Next, you’ll want to download the Spigot BuildTools from this location:
A Quick Note About Folder Structure
To help make things easier on yourself, you might find it useful to use a somewhat similar folder structure to the one described in Learn to Program with Minecraft for the Windows & Mac users.
To accomplish this for myself, I opened the “Files” application and browsed to my “Documents” folder, then created a new folder called “MinecraftPython”, then inside that folder another called “MinecraftTools”.
I recommend moving the BuildTools.jar file that you just downloaded into that “MinecraftTools” folder.
To do this, you have a few options:
- You can drag and drop using 2 “Files” windows, or
- you can cut & paste if you just have one of those windows open.
- Otherwise, you can move the file from the command line in a Terminal window with something like:
mv ./Downloads/BuildTools.jar ./Documents/MinecraftPython/MinecraftTools/BuildTools.jar. Of course, you’ll need to modify that command to suit your particular situation (if you’re using a different folder structure or starting from a different location in your Terminal window than I did, for example).
Once that’s done, from your Terminal window, you’ll need to change directories to the location of your BuildTools.jar file. Depending upon where you’re starting from, that might mean a command that looks something like:
Then you’ll want to execute these 2 commands:
git config --global --unset core.autocrlf
java -jar BuildTools.jar This needs to be tweaked to make sure you use version 1.8.8 of the Spigot Server component (for now).
java -jar BuildTools.jar --rev 1.8.8
This will get the Spigot Server built. In order to finish installing, creating a startup script will be helpful. You can create one with gedit by running a command like this:
The gedit text editor will open. Copy and paste this into the editor:
java -Xms512M -Xmx1024M -XX:MaxPermSize=128M -jar spigot-1.8.8.jar
Note: the filename “spigot-1.8.8.jar” was the current filename as of this writing. You’ll need to confirm that filename based upon your build, and edit the command here if it’s different use that filename as is for now (until the other components are updated to accommodate newer versions of Spigot server). Also, the Spigot instructions specifically note that the ‘MaxPermSize’ directive is no longer needed or supported in Java 8, but since I’m using Java 7, I left it in mine.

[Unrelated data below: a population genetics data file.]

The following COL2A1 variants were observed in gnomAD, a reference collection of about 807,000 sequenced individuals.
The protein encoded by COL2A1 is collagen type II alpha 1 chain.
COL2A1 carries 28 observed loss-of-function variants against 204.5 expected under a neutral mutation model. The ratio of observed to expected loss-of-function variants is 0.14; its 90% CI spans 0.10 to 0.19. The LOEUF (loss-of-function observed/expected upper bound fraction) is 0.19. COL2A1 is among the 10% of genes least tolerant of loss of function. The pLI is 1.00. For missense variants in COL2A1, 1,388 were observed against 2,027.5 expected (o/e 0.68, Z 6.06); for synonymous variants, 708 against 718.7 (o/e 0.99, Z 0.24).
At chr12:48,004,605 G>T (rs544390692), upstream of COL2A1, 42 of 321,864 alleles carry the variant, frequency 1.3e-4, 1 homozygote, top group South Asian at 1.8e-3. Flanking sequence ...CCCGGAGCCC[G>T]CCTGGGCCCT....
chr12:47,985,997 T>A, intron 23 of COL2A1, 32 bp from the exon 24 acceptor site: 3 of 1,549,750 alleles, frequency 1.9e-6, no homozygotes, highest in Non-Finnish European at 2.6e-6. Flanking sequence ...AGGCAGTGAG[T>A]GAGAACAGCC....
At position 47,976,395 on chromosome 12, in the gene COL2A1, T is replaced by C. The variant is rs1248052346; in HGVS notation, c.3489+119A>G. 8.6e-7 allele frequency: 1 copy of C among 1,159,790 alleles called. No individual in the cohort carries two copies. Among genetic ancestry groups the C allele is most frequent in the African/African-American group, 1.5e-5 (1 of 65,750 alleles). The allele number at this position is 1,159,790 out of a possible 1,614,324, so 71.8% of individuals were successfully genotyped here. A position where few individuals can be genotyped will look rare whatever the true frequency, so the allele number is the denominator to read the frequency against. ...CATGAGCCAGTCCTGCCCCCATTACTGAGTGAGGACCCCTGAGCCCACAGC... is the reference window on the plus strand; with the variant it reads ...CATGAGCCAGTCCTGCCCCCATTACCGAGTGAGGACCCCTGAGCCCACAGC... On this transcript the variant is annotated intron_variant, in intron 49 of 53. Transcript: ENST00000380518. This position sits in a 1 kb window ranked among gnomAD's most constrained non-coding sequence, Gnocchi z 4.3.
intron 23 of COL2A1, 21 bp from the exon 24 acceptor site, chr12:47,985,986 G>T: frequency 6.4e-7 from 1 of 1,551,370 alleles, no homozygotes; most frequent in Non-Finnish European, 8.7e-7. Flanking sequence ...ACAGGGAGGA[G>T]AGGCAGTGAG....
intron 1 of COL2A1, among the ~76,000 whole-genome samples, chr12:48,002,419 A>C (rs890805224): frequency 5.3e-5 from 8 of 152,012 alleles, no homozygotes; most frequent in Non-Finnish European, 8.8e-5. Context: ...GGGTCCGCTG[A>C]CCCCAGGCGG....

Save the file and close gedit.
Next, you’ll need to make the script executable. From the same terminal window, type:
chmod +x start.sh
Before you launch this file, you’ll need to accept the End User License Agreement. Locate the eula.txt file in your “MinecraftTools” folder and open it for editing. You can do this from a terminal window by typing
gedit eula.txt . From the “Files” application, you can right-click the eula.txt file and choose the option to edit it with gedit.
Before you change the line that reads eula=false to eula=true, you’ll want to review the Minecraft End User License Agreement and verify that you’re ready to agree to its terms. Once you are, changing the value to “true” and saving the file will allow you to launch the Spigot Server without a hiccup (assuming that it is installed correctly).
Starting Your Spigot Server
Once that’s completed, you can start the Spigot Server to ensure it’s working properly. You’ll use this same command start the server each time you need to use it:
If all has gone according to plan, you should see the output of the server startup process in your terminal window. The Spigot Server will create a new Minecraft world as it launches, and once it’s up and running, you’ll see a
> prompt with a flashing cursor next to it. You need to keep this window open.
Testing Your Spigot Server Installation
To test your server, launch Minecraft as usual.